Banks and brokers may face European Union curbs on the number of times a single asset can be passed on as collateral in repurchase agreements and other secured trades, according to a person familiar with the plans.
The EU is weighing whether it should limit the length of transaction chains in which traders who receive collateral in turn use the same securities to back separate trades, according to the person, who asked not to be named because the proposals aren’t public. It is also planning measures to make the chains easier to monitor by regulators.
Repurchase agreements, or repos, are one of the targets of the possible EU rules, as authorities seek to extend regulations beyond traditional banking activities to cover other sources of risk taking.
The 2008 collapse of Lehman Brothers Holdings Inc. unleashed turmoil in financial markets, driven in part by uncertainty over who owned cash and other assets used to back derivatives trades with the bank. Litigation over the collateral has continued ever since, including a dispute between Lehman and Intel Corp. over $1 billion in cash the bank provided to the world’s largest chip maker as part of a swap agreement.
The handing over of collateral is an integral part of repos -- one of the activities under review by global regulators as part of their efforts to regulate shadow banking. Banks use repos to help finance investments in Treasuries, corporate bonds and mortgage-backed securities.
The possible commission plan would “make it more difficult to get leverage in secondary markets and that in turn will make it harder to iron out pricing anomalies,” said Peter Chatwell, an interest-rate strategist at Credit Agricole Corporate & Investment Bank in London. “That may make it more difficult to manage issuers’ redemption and coupon profiles. Ultimately, it makes for a less efficient market.”
In an efficient market, if a trader sees a bond that is expensive relative to the issuer’s other bonds, he or she uses repo to borrow the note and then sells it, while buying the cheaper debt. The transactions help close the gap between the “cheap” and “expensive” bonds.
“Complex” chains of collateral can make it difficult for investors to “identify who owns what, where risk is concentrated and who is exposed to whom,” according to a document prepared by European Commission officials in May and obtained by Bloomberg News. “This has consequences for transparency and financial stability.”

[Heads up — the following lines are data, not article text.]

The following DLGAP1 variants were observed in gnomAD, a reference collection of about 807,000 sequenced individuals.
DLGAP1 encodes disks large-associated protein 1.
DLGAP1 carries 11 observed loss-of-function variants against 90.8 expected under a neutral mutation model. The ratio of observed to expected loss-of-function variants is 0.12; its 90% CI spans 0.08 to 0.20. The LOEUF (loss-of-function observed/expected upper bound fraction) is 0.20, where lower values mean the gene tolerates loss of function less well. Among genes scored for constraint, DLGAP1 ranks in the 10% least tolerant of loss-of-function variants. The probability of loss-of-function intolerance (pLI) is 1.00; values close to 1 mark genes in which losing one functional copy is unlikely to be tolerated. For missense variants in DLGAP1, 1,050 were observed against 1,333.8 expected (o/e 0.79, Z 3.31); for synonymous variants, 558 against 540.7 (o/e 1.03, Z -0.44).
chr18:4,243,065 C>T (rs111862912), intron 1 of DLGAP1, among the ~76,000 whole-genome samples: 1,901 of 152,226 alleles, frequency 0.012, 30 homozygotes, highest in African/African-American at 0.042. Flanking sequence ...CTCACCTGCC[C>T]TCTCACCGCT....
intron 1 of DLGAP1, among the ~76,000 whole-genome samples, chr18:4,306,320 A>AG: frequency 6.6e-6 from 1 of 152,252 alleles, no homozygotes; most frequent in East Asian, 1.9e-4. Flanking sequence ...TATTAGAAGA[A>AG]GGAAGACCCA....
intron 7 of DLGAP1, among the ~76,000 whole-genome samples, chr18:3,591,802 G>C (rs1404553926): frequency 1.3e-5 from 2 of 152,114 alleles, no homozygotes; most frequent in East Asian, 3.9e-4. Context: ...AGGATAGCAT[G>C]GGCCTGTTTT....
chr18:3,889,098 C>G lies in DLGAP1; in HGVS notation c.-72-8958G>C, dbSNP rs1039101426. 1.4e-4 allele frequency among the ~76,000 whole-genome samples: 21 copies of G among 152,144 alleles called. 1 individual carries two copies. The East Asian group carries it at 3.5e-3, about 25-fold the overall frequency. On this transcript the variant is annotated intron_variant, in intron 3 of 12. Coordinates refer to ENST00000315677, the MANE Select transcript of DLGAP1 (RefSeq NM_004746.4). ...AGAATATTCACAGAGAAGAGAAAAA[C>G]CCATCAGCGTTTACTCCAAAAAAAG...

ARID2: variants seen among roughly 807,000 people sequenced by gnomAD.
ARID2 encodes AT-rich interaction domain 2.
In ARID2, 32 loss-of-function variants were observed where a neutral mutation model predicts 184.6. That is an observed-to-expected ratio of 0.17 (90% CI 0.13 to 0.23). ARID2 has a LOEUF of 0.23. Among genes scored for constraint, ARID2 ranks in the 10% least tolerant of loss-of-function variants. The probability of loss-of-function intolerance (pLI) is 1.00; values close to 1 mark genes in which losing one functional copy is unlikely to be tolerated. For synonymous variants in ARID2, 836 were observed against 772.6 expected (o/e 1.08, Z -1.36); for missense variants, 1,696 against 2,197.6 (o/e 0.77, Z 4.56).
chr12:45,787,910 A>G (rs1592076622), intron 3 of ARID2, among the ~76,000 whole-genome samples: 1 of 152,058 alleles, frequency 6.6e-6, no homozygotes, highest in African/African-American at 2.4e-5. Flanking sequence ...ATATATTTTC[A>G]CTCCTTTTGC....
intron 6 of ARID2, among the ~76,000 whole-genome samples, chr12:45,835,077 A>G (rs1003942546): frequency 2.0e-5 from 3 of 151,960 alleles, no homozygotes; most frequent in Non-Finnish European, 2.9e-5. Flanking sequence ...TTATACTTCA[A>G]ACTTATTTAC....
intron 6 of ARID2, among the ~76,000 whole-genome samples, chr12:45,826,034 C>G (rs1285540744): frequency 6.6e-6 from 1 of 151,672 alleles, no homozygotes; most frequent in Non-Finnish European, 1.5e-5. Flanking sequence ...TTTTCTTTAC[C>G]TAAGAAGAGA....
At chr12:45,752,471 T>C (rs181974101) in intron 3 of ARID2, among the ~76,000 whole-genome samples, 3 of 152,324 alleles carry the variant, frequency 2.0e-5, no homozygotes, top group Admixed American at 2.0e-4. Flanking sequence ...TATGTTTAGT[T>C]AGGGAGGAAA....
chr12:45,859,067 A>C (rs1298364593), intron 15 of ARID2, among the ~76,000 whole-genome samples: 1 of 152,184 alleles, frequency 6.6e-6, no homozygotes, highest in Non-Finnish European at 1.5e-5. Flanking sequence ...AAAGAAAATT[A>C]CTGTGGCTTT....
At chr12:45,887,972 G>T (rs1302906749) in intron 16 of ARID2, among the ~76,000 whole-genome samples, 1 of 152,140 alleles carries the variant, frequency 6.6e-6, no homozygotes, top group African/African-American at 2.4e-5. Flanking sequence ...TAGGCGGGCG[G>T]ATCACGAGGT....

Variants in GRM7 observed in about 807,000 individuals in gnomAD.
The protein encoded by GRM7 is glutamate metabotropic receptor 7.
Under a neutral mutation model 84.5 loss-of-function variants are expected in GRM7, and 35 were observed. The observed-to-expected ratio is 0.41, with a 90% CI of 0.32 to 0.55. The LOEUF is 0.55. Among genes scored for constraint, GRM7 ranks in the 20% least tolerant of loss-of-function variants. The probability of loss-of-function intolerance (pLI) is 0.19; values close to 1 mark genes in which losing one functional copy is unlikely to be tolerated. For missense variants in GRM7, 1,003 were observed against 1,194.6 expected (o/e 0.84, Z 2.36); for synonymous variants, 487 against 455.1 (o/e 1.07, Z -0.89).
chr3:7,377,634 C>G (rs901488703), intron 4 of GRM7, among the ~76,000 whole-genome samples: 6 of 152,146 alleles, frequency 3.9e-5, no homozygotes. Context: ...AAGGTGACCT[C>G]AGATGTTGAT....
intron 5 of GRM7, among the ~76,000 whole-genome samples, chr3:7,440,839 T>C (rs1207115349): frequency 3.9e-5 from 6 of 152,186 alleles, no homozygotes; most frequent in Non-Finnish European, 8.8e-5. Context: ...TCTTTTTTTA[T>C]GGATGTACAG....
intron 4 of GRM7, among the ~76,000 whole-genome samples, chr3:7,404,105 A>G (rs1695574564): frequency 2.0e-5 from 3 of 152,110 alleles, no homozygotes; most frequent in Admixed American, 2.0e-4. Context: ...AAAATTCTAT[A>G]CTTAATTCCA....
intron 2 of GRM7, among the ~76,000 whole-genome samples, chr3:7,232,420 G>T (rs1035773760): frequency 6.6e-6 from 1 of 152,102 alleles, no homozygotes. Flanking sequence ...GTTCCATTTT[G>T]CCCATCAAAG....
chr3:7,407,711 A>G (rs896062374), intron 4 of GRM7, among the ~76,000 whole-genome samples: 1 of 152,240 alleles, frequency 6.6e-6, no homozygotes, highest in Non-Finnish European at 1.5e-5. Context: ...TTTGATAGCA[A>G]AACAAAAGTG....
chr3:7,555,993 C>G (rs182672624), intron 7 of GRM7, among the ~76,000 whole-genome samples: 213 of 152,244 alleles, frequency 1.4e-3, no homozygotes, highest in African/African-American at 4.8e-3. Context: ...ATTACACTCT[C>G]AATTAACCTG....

Banks are facing a growing list of demands from regulators to seek out highly liquid assets as authorities move to bolster the resilience of the financial system.
Re-use of collateral is one way that lenders can satisfy the tougher rules, amid warnings from banks that there may not be enough highly liquid securities available to satisfy accumulating requirements from supervisors.
Lenders including UBS AG and HSBC Holdings Plc have warned that plans by global regulators in the Basel Committee on Banking Supervision to set minimum collateral requirements for non-centrally cleared swaps trades will prompt a global liquidity squeeze as banks struggle to locate enough securities to satisfy the standards.
While Basel regulators early this year proposed changes to the draft standards, including some scope for re-using collateral, and a longer phase-in time, lenders have said this doesn’t go far enough to resolve their concerns.
There are signs already that the repo market is shrinking in response to moves by regulators.
The U.S. repo market shrank to $4.6 trillion daily outstanding last month, down 35 percent from a peak of $7.02 trillion in the first quarter of 2008, based on Federal Reserve data compiled from its 21 primary dealers.
The repo market is also shrinking as the U.S. Fed scoops up Treasuries through its monthly bond purchases. The central bank owns about 17 percent of the market.
Money-market funds such as those used by individuals to park cash and savings, are a major provider of repo financing. In one example of a repo agreement, a money-market fund may lend cash to a dealer overnight, with government securities serving as collateral for the loan.
The potential consequences of a fall in market liquidity are higher borrowing costs for governments, companies and consumers.
The EU measures may be included in a draft law on securities trading that regulators intend to publish by the end of the year.
The commission may give some details on the proposals in a paper on shadow banking on Sept. 4. The report will be published in tandem with a draft law to force money-market funds to hold minimum levels of liquid assets, and in some cases, additional cash reserves, the person said.
Shadow banking is a term used by regulators to define activities that fall outside the scope of most financial regulation, and which they believe could be a source of systemic risk.
The commission will draw on international discussions on how the “regulatory framework for securities lending and repos could be improved” in drawing up its proposal, Michel Barnier, the EU’s financial-services chief, said in an Aug. 7 response to a parliamentary question.
“Work in this area is extremely complex and technical and touches upon many areas of national law,” he said, adding that he is seeking to present proposals by the end of 2013.
“The entire shadow bank sector is not yet properly regulated,” Chantal Hughes, a spokeswoman for Barnier, said in an e-mail. “We must ensure that risks are not accumulating” in this part of the financial system, she said.
The EU market for repo trades, contracts in which one investor agrees to sell a security and then buy it back at a future date at a fixed price, is worth more than 5.6 trillion euros ($7.5 trillion) according to survey data published by the International Capital Market Association.